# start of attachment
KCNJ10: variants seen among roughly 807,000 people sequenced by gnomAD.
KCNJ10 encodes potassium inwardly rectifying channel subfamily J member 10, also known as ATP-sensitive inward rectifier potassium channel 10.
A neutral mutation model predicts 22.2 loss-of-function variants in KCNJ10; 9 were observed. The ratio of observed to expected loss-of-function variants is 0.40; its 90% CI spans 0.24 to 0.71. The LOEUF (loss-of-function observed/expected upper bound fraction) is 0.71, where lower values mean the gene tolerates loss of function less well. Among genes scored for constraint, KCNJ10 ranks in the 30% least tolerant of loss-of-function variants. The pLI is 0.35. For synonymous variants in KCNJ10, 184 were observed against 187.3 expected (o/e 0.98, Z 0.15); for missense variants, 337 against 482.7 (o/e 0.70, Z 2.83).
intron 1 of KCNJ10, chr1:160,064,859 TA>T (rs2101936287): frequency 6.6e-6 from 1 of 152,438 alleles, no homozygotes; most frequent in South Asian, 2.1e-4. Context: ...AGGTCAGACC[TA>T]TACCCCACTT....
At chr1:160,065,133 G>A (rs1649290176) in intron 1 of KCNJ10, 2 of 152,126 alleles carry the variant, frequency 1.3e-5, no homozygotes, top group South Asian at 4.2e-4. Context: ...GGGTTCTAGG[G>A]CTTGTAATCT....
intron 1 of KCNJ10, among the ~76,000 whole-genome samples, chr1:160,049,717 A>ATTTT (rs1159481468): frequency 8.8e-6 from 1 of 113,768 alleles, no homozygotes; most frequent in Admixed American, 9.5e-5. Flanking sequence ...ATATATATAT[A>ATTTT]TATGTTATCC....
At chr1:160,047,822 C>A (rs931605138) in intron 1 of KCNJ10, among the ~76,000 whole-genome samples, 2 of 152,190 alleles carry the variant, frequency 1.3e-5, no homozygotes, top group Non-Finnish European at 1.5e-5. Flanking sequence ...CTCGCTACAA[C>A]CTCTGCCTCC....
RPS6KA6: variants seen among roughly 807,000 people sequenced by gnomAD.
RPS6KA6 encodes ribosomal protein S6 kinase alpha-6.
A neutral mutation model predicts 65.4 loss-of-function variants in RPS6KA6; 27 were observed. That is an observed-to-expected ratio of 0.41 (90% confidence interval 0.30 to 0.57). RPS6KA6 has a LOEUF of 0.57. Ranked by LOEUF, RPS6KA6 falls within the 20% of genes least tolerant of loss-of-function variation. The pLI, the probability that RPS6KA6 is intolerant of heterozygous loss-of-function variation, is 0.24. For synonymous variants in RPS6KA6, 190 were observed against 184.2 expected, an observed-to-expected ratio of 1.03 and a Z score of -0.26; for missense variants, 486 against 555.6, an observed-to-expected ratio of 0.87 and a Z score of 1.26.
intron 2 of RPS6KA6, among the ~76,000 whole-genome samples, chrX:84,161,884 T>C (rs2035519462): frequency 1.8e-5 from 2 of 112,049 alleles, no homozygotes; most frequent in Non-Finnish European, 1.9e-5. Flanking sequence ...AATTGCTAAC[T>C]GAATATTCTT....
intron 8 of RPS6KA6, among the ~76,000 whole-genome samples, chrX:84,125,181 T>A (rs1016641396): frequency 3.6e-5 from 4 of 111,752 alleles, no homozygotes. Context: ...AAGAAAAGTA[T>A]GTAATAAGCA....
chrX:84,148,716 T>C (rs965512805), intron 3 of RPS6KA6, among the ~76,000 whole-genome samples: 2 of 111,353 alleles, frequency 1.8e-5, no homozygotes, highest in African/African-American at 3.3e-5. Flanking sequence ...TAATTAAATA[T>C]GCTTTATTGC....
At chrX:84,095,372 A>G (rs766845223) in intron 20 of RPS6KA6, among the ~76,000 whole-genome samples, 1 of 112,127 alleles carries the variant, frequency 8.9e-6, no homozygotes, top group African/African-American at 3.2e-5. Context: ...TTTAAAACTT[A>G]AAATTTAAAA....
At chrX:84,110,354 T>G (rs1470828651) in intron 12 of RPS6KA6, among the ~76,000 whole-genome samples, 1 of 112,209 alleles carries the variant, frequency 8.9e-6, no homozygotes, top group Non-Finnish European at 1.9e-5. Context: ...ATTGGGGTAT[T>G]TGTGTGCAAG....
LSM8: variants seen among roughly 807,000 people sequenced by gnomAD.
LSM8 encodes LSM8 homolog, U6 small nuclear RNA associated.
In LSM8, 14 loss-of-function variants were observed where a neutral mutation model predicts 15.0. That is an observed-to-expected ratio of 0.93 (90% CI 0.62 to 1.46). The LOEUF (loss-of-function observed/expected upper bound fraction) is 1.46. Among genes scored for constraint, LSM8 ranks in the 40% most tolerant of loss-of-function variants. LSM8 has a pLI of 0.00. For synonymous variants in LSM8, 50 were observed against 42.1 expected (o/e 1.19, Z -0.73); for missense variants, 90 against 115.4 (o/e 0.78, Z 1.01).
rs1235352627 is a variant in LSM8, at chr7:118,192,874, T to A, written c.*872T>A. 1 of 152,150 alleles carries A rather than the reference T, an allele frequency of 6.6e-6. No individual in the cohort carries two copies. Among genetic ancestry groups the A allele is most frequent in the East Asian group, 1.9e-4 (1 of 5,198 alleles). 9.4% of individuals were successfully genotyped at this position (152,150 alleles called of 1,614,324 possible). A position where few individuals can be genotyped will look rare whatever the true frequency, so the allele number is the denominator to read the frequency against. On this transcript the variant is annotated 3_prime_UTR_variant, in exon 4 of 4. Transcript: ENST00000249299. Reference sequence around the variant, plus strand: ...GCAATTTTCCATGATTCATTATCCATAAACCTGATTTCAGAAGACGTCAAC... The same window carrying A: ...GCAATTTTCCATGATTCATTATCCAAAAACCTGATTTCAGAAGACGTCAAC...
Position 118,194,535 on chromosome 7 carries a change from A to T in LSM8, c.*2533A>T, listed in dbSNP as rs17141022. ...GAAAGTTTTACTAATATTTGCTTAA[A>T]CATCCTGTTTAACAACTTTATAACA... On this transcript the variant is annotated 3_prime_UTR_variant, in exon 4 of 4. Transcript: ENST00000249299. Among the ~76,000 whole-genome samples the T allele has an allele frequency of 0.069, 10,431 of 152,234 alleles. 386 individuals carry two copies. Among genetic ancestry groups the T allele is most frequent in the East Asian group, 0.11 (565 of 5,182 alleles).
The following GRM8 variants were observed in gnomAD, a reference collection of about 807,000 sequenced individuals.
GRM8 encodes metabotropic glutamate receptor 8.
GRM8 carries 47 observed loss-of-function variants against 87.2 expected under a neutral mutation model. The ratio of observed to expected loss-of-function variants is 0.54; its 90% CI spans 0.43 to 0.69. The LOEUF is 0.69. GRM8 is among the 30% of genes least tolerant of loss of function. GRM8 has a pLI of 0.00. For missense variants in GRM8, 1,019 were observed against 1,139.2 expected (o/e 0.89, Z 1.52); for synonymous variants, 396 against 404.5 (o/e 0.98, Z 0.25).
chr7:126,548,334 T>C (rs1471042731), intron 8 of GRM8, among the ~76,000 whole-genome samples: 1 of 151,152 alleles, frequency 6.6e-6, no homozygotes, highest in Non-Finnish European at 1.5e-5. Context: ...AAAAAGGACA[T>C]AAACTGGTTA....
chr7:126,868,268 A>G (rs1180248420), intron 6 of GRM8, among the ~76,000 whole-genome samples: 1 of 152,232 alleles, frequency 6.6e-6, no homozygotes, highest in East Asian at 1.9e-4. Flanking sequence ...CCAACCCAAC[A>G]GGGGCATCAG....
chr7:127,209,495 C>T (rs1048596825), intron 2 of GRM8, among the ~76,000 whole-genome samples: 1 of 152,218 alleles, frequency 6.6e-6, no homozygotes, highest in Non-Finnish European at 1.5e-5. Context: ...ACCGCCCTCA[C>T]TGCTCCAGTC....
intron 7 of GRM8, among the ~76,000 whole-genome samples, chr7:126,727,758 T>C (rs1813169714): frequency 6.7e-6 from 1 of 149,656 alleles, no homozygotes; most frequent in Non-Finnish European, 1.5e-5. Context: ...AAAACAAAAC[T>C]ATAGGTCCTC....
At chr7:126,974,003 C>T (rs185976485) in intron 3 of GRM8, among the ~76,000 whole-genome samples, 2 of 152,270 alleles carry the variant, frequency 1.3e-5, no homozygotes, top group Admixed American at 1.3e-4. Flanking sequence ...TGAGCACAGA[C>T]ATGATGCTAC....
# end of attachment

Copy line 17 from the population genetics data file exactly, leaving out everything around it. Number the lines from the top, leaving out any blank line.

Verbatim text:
LSM8 encodes LSM8 homolog, U6 small nuclear RNA associated.